Tag Archives: Kubernetes

vSphere Kubernetes Drivers Operator - Red Hat OpenShift - Header

Using the new vSphere Kubernetes Driver Operator with Red Hat OpenShift via Operator Hub

What is the vSphere Kubernetes Driver Operator (VDO)?

This Kubernetes Operator has been designed and created as part of the VMware and IBM Joint Innovation Labs program. We also talked about this at VMworld 2021 in a joint session with IBM and Red Hat. With the aim of simplifying the deployment and lifecycle of VMware Storage and Networking Kubernetes driver plugins on any Kubernetes platform, including Red Hat OpenShift.

This vSphere Kubernetes Driver Operator (VDO) exposes custom resources to configure the CSI and CNS drivers, and using Go Lang based CLI tool, introduces validation and error checking as well. Making it simple for the Kubernetes Operator to deploy and configure.

The Kubernetes Operator currently covers the following existing CPI, CSI and CNI drivers, which are separately maintained projects found on GitHub.

This operator will remain CNI agnostic, therefore CNI management will not be included, and for example Antrea already has an operator.

Below is the high level architecture, you can read a more detailed deep dive here.

vSphere Kubernetes Drivers Operator - Architecture Topology

Installation Methods

You have two main installation methods, which will also affect the pre-requisites below.

If using Red Hat OpenShift, you can install the Operator via Operator Hub as this is a certified Red Hat Operator. You can also configure the CPI and CSI driver installations via the UI as well.

Alternatively, you can install the manual way and use the vdoctl cli tool, this method would also be your route if using a Vanilla Kubernetes installation.

This blog post will cover the UI method using Operator Hub.

Pre-requisites

Continue reading Using the new vSphere Kubernetes Driver Operator with Red Hat OpenShift via Operator Hub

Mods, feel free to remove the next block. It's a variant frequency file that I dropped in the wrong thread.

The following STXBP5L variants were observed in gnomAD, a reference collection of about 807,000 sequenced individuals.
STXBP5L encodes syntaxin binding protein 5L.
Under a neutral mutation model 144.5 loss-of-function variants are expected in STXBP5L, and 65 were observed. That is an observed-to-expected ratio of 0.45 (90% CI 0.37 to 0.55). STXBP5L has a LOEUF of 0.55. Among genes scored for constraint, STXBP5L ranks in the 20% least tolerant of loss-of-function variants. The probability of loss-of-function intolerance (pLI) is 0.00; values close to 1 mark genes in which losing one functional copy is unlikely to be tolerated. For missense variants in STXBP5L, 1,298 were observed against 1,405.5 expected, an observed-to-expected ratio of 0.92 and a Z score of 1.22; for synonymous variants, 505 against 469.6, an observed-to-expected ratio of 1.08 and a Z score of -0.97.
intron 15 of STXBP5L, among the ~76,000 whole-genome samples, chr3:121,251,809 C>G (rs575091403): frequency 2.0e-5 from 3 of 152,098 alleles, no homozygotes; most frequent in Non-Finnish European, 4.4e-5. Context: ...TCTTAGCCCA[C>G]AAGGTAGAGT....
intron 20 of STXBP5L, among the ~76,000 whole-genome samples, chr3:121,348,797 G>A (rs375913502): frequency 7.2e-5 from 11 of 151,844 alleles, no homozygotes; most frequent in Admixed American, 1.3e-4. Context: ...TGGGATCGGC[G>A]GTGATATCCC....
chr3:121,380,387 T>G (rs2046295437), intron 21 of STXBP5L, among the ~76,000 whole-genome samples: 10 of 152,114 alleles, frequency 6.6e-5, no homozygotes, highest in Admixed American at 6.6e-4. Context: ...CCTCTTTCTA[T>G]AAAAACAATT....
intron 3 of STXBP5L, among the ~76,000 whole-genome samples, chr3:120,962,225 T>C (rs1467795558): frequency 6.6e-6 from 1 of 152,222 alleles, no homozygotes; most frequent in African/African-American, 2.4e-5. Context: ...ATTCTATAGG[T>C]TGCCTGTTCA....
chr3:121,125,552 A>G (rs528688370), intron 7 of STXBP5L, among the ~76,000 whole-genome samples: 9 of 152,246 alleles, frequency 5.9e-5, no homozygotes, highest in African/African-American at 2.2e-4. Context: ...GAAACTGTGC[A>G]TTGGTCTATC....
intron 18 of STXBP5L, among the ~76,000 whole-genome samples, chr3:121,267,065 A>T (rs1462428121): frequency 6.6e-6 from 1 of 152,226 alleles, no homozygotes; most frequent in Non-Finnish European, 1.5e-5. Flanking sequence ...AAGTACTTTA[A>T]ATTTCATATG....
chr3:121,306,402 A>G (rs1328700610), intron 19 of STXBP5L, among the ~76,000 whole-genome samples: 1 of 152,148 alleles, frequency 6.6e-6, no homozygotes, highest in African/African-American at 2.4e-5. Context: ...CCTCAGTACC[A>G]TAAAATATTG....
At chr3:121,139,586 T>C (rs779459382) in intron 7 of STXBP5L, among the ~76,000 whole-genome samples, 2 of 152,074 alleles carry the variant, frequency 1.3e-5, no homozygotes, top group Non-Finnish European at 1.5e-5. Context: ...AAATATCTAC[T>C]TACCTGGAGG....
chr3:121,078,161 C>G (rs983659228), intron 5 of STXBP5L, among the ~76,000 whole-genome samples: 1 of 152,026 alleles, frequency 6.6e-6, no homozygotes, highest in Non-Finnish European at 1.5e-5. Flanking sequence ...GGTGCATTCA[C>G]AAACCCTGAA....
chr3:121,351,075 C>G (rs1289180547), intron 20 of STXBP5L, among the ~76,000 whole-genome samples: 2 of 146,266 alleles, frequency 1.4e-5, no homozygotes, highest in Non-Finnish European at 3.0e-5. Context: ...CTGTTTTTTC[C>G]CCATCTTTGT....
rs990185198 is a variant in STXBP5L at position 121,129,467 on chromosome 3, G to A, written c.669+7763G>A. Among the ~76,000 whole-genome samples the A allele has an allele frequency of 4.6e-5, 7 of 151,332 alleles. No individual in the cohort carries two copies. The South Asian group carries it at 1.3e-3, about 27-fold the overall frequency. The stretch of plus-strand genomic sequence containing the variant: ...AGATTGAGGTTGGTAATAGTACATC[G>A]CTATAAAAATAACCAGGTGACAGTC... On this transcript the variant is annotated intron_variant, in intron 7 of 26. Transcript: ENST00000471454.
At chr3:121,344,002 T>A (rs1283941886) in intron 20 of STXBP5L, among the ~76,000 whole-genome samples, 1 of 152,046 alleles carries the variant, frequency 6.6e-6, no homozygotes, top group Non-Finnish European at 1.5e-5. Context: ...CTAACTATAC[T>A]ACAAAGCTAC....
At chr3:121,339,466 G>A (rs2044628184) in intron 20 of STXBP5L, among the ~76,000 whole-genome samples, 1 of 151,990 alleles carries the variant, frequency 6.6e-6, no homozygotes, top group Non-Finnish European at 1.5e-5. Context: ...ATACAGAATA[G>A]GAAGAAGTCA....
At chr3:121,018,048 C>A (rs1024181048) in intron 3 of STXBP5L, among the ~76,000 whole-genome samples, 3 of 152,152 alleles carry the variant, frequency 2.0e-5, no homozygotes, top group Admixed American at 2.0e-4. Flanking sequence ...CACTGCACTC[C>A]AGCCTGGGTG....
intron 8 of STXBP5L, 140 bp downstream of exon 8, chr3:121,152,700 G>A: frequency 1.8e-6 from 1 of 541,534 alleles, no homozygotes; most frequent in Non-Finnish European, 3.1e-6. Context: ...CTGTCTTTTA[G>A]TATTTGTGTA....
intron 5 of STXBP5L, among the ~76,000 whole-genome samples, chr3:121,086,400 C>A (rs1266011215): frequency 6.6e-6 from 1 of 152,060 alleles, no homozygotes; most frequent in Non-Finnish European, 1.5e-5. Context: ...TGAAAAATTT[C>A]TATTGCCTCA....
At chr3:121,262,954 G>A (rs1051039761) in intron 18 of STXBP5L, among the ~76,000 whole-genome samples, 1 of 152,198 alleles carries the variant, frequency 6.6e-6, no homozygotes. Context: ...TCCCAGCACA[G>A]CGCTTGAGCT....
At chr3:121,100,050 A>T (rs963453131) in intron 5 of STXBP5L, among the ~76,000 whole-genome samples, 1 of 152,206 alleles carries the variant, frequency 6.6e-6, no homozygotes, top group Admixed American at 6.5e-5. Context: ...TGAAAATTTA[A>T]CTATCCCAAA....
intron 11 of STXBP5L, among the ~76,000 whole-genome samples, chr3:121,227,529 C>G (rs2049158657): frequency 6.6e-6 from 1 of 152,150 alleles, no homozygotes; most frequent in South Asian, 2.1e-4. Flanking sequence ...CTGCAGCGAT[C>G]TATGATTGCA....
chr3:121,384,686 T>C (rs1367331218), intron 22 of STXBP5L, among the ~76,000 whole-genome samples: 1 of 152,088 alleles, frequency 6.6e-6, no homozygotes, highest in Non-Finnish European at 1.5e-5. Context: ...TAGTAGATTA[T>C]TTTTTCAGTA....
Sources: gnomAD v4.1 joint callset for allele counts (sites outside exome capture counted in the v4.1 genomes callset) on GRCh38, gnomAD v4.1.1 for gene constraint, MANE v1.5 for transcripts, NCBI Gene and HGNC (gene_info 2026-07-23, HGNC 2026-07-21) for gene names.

Helm Pac-Man Header

Creating and hosting a Helm Chart package to install Pac-Man on Kubernetes

If you’ve have been following any of my blogs that relate to Kubernetes, I am sure that you will have seen the use of my demo application Pac-Man, designed to replicate a small production application with a front end UI service, DB back end service and load balancing service.

If not, you can find it here:

In this blog post, I am going to cover how I create a Helm Chart package to install the application on a Kubernetes cluster, and then host it on GitHub so that it can be re-used as necessary between different clusters.

This was on my to-do list for quite a while, as I wanted to explore Helm in more detail and understand how the charts work. What better way to do this than create my own?

What is Helm and why use it?

Helm is a tool that simplifies the installation and lifecycle of Kubernetes applications. As an example, it is a little bit like Brew or Yum for Linux.

Helm uses a package format called charts; these charts are a collection of files that describe a related set of Kubernetes resources. These charts can range from the simple, deploy a single pod, deployment set, etc, to the complex, deploy a full application made up of Deployments, StatefulSets, PVCs, Ingress, etc.

Helm has become over the years one of the defacto client tools to use for simplification of deploying an application to your Kubernetes environment. Take Kasten for example, to deploy their K10 software, their guide gives you only the Helm commands to do so.

You can install Helm from the below script, for other methods please see their official documentation.

curl -fsSL -o get_helm.sh https://raw.githubusercontent.com/helm/helm/main/scripts/get-helm-3

chmod 700 get_helm.sh

./get_helm.sh
Creating a template Helm Chart

The Helm Client makes it easy to get started from scratch, you can create a template chart by running the following command, which creates a folder of the name you specify, with a number of example files you can use.

helm create {name}

# For this blog post I ran the following

helm create pacman-kubernetes

helm create pacman-kubernetes

In more detail, this structure offers the following: Continue reading Creating and hosting a Helm Chart package to install Pac-Man on Kubernetes

vROPs - Kubernetes - Prometheus - Telegraf - Header

vRealize Operations – Monitoring Kubernetes with Prometheus and Telegraf

In this post, I will cover how to deploy Prometheus and the Telegraf exporter and configure so that the data can be collected by vRealize Operations.

Overview

Delivers intelligent operations management with application-to-storage visibility across physical, virtual, and cloud infrastructures. Using policy-based automation, operations teams automate key processes and improve the IT efficiency.

Is an open-source systems monitoring and alerting toolkit. Prometheus collects and stores its metrics as time series data, i.e. metrics information is stored with the timestamp at which it was recorded, alongside optional key-value pairs called labels.